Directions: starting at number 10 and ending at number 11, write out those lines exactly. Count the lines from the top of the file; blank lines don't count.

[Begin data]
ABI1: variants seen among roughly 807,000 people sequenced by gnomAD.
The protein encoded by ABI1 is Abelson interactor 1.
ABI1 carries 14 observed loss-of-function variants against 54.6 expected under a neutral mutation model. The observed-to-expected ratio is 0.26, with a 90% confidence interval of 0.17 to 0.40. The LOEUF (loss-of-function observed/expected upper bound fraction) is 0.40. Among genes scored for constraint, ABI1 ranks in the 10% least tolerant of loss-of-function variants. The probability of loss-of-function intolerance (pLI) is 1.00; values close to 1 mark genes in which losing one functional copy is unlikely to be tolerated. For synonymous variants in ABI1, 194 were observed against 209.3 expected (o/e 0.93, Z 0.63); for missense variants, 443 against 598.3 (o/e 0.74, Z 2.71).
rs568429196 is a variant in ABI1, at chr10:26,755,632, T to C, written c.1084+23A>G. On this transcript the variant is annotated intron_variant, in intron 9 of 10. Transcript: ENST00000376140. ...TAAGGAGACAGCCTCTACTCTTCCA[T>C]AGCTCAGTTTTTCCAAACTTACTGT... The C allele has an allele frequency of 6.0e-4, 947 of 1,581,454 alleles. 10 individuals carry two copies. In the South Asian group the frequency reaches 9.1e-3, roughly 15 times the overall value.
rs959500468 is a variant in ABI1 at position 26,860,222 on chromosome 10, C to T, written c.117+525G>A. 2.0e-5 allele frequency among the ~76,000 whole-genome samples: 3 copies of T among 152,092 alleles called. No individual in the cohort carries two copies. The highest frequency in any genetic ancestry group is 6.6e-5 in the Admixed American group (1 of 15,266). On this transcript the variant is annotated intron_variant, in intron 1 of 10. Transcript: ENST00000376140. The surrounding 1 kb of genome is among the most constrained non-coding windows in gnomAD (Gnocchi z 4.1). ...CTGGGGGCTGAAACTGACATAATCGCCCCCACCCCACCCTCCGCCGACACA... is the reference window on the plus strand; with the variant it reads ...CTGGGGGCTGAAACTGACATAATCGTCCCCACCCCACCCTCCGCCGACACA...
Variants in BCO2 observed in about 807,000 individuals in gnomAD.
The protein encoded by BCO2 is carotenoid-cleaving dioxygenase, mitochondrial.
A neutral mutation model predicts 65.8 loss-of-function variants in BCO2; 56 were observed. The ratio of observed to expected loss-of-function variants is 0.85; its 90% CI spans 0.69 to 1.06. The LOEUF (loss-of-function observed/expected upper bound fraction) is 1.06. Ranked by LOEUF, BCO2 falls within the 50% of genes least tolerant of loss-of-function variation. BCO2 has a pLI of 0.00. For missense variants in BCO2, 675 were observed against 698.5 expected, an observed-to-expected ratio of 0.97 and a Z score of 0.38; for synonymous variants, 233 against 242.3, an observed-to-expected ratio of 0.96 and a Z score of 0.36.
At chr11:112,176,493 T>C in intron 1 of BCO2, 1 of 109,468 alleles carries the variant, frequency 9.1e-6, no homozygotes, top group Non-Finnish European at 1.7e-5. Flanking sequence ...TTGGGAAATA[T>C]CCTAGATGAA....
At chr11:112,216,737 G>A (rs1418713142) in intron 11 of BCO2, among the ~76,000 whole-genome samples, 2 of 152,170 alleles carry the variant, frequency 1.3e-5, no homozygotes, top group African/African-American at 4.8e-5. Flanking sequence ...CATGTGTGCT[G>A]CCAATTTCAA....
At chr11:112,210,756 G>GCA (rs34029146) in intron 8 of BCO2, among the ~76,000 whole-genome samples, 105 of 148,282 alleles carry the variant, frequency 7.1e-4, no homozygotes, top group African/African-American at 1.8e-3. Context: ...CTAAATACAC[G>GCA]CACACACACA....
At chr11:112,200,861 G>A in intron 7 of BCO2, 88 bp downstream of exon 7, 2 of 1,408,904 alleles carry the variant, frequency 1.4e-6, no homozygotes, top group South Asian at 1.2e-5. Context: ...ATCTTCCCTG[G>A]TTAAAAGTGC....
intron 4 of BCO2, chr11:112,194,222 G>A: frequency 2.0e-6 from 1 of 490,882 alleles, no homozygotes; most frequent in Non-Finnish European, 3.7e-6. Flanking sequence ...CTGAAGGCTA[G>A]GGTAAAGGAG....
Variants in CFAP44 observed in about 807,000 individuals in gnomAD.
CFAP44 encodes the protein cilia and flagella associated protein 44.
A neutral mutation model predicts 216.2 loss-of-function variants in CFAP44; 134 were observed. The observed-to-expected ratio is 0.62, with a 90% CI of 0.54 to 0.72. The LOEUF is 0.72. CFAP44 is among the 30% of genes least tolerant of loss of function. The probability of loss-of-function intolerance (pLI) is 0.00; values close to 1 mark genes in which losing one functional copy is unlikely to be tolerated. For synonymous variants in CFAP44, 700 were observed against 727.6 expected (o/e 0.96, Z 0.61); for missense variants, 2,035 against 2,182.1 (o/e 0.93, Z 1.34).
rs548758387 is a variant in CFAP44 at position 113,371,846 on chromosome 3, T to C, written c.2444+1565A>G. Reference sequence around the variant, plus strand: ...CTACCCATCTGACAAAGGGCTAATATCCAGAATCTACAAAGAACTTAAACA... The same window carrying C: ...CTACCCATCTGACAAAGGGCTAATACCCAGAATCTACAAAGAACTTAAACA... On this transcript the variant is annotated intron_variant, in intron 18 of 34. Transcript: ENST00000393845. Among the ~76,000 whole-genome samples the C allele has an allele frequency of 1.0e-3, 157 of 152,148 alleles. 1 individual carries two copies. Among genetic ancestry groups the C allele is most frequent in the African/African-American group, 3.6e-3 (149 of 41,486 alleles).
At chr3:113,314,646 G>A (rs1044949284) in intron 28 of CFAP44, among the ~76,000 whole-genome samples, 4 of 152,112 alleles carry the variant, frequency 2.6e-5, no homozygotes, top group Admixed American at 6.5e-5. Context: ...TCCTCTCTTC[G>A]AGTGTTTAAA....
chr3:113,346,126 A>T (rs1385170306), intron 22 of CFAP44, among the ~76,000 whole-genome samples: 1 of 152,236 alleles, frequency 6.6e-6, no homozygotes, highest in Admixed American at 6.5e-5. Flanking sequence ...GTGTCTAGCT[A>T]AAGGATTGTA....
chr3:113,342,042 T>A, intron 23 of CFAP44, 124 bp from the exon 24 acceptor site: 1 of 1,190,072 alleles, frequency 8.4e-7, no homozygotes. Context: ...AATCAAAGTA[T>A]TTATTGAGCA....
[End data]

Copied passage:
At chr11:112,216,737 G>A (rs1418713142) in intron 11 of BCO2, among the ~76,000 whole-genome samples, 2 of 152,170 alleles carry the variant, frequency 1.3e-5, no homozygotes, top group African/African-American at 4.8e-5. Flanking sequence ...CATGTGTGCT[G>A]CCAATTTCAA....
At chr11:112,210,756 G>GCA (rs34029146) in intron 8 of BCO2, among the ~76,000 whole-genome samples, 105 of 148,282 alleles carry the variant, frequency 7.1e-4, no homozygotes, top group African/African-American at 1.8e-3. Context: ...CTAAATACAC[G>GCA]CACACACACA....